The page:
Think it might be time to prune the roots of that old tree causing your sidewalk to buckle? Not so fast! In addition to the risk of fines and penalties from the city, there are safety issues and — perhaps most importantly — risks to the health of the tree that must be considered before starting a root pruning project.
It’s always a good idea to consult with a professional when considering work of this type. For the best in full-service tree care, you’ll want to give the certified arborists at Urban Forest Pro a call. Our friendly, knowledgeable staff can help determine what type of tree work is best for your situation and can advise you on options that you may not have been aware of.
Urban Forest Pro: Root pruning
What is root pruning? The Spruce has a good definition: “Root pruning is the process of slicing through the roots … of an established tree that is going to be dug and transplanted. This is done to encourage the growth of new feeder roots along the root ball that will be transplanted along with the tree. A smaller root ball, with many feeder roots, will help the tree acclimate faster to its new spot in the ground.”
That definition provides a glimpse of the complexity of this process. As we’ve written before in the Urban Forest Pro blog, you should never cut your tree roots (or let your concrete contractor cut them) because tree roots to be cut must be marked by the city arborist before cutting. Cutting tree roots without city approval is a surefire way to cause permanent damage or death to your street trees and to incur a hefty fine.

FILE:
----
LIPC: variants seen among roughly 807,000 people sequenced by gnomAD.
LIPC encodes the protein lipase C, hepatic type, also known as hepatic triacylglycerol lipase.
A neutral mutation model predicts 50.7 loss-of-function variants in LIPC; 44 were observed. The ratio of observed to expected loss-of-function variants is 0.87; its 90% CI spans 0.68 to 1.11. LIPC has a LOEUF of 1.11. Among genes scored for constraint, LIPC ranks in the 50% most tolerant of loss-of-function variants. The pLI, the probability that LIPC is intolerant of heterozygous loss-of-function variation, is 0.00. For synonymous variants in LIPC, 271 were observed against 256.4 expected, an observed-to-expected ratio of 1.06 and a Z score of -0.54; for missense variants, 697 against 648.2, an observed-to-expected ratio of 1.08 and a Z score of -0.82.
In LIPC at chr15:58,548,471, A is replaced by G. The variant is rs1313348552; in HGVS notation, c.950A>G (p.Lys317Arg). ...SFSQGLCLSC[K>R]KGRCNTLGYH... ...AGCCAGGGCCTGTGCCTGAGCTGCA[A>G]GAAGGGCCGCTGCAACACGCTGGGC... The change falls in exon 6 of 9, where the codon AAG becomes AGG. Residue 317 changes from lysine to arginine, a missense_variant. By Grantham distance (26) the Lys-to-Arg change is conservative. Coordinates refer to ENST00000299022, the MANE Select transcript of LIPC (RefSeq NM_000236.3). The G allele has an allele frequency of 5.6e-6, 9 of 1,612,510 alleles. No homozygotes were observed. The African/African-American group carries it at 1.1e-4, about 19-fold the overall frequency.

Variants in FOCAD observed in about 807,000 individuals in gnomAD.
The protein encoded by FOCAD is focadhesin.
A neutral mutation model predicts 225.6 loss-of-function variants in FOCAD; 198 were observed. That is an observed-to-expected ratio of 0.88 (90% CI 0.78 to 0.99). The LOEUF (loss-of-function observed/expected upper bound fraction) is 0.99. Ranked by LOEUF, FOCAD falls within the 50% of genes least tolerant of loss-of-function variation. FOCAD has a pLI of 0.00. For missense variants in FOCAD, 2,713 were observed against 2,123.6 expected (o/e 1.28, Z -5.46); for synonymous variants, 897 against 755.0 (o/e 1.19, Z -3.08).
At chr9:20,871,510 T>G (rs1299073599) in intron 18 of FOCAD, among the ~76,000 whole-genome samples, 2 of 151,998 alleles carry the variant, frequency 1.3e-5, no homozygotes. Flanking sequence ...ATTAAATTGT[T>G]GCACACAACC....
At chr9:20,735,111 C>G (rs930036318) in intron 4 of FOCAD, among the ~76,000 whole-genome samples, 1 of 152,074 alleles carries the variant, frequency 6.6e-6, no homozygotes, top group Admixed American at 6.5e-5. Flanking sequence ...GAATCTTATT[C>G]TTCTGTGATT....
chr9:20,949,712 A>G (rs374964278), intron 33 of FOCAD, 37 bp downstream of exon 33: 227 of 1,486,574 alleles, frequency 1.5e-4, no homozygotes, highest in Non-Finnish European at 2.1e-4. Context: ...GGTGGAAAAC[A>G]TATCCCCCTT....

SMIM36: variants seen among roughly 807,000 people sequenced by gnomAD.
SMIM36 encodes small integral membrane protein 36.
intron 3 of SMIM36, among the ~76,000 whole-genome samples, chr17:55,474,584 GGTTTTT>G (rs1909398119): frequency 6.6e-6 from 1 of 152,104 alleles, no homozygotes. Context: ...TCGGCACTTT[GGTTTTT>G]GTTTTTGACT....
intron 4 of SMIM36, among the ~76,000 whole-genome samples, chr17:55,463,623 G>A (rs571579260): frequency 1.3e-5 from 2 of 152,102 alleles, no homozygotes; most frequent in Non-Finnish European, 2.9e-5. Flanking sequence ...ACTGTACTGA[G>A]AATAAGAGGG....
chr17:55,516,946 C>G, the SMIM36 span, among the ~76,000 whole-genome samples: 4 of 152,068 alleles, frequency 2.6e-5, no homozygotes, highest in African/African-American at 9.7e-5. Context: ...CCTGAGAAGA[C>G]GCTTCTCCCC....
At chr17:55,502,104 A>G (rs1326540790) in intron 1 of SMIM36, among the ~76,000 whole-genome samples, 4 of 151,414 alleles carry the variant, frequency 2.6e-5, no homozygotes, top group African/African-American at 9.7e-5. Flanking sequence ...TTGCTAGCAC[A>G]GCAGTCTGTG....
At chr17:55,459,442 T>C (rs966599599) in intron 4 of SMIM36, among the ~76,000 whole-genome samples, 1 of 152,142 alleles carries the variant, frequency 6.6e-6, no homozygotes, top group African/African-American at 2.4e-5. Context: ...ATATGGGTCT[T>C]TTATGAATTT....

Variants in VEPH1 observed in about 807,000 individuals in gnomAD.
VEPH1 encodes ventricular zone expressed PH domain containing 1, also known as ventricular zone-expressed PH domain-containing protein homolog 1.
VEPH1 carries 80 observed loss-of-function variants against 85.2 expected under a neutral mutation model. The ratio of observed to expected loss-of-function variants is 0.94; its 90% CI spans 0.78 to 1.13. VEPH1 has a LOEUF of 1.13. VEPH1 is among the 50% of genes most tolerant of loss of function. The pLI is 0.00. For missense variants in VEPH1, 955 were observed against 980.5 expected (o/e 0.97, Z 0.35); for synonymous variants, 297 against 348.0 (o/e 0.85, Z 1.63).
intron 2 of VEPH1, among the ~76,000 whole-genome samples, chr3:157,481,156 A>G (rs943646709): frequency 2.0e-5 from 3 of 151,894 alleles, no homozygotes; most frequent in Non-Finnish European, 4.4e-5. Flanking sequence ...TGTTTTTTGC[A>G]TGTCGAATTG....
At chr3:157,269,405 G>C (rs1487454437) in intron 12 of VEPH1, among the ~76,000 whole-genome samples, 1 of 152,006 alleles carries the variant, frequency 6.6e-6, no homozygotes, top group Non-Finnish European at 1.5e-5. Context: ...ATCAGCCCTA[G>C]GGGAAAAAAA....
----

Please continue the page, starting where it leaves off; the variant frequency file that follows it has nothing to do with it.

Besides, without the use of other root control measures, improperly cut roots will not cease to damage sidewalks, if that’s the reason you’re considering slashing at a tree’s roots. In fact, studies show that despite tree root pruning, sidewalks will, on average, lift again within five years.
Often, the city will notify you that you need to do something about a buckling sidewalk. If that’s the case, do not procrastinate. In “Tree Roots & Sidewalks: A Beginners Guide,” we noted that after a notice is sent, it will likely “take the entire time allotted to you to make all of the arrangements to have this work done.”
Root Pruning and the City of Portland
The city of Portland provides clear directives on root pruning.
From the city’s website: “Street trees: A permit is required to prune roots greater than or equal to 1/4 inch at attachment on any tree in the City right-of-way, which is typically between the curb and sidewalk. … No permit is required to root prune a tree on private property.”
As one of Portland’s “Local Tree Care Providers,” Urban Forest Pro has a good and long working relationship with the city. The city’s website is a valuable resource for homeowners and property owners, providing a wealth of knowledge about many different tree services.
For example, here’s what the city says about how extensive a tree’s root system can be: “Tree root systems are very large; they can reach as far away from the trunk as the tree is tall. Tree root systems are also very shallow, with 80 percent of the roots in the top three feet of soil. The roots are integral to the survival of a tree. They support the tree, absorb water and nutrients and store food. A healthy root system ensures a healthy tree, so special consideration needs to be taken when working in the root zone or pruning tree roots.”
The certified arborists at Urban Forest Pro recommend having your tree roots examined and, if necessary, regularly pruned every three years or so. Call Urban Forest Pro today and leave the difficult task of root pruning to the experts.